Brilliant news Tina72. What an achievement. You must be so proud. Great collection of gold stars Helster. What a great feeling to see signs of improvement.
We got both our kids report cards today and after a very difficult year for my 9yr old son with ED and my non ED 11 year old D they both got glowing reports. There is no sign of what they have been through at all in their reports.

Tammy
Torie

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Reply with quote  #95 
So ... D had eaten dinner at a friend's house, and DH and I were late with our own dinner.  DH said we could pick something up, or just skip dinner.

D said, "What?  You can't skip dinner!  That would be setting a bad example for me."

A thump on the head for DH, but a gold star for D. xx

-Torie

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kazi67

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Reply with quote  #96 
After a failed trip away where my d lost all her weight, she came home and was admitted into IP for 8 weeks, then transitioned to 8 week day program, it’s been hell to say the least

BUT
Today my d said “Mum I feel happy and free today” :)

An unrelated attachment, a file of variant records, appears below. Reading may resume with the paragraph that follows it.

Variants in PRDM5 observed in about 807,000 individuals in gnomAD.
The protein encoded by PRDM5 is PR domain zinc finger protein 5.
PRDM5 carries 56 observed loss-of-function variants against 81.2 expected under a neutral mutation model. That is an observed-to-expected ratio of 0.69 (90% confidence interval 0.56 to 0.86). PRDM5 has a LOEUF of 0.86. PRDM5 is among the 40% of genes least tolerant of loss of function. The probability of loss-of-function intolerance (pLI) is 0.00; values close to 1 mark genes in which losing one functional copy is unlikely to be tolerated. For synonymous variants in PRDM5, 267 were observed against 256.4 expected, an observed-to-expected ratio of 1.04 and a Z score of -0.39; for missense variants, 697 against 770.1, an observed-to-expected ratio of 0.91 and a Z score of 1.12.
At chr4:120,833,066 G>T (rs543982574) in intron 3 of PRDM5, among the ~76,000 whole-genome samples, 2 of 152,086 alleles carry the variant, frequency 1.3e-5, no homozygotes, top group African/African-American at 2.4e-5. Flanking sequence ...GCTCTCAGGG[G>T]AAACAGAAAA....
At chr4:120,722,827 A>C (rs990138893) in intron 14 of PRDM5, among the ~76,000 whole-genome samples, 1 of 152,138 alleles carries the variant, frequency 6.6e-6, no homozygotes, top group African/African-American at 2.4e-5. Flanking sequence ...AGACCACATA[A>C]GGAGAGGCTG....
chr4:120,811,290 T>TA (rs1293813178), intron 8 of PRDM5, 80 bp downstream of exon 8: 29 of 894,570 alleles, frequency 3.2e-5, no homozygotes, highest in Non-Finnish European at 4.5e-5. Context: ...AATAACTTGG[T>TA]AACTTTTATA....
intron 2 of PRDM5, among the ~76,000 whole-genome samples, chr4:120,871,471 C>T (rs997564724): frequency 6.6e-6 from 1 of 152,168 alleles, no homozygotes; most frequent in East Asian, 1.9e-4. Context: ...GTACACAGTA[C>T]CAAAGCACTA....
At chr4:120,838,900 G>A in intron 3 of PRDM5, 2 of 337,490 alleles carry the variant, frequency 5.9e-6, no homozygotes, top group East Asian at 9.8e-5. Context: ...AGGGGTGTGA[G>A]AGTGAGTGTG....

She is now cooking a few nights a week and plating up supervised, she is eating out with friends, socialising, happy and pretty much back to herself
Next step is life after day program but we are confident with our support she is going to get back into the “real world”

I haven’t been able to post these last 3 months as I actually thought my d had lost her mind at one stage and I thought we would never get her back
I found these gold stars moments impossible to read or respond to as I felt so totally sure we had lost the battle with this vile illness
My d is now glowing and smiling and I am so grateful to all you brave parents/carers who share on this site you have kept my sanity
For those still struggling know it DOES get better it really does even if you think it won’t
Keep feeding: food is medicine 3 meals and 3 snacks!!
It has been so incredibly hard to watch her go through the hell again in IP
Transitioning back home is not without its challenges also
Anyways we did it!!

She feels happy and free! Music to my ears

But I know I will not take my finger off the pulse!!
Don’t trust anyone, if you don’t see the food go in yourself with your own eyes it hasn’t

Stay strong everyone it’s definately worth it

Doesn’t mean I’m still not totally frustrated with the lack of expertise or support out there
Thankyou everyone for all the support on this amazing site though you really all are incredible
Sorry I couldn’t post or offer support to anyone lately
I hope this gives any one in the thick of it some hope
I’ve been thinking of you all xxx
Mamaroo

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Reply with quote  #97 
Dear Torie and Kazie67

those are wonderful gold star moments, thanks for sharing.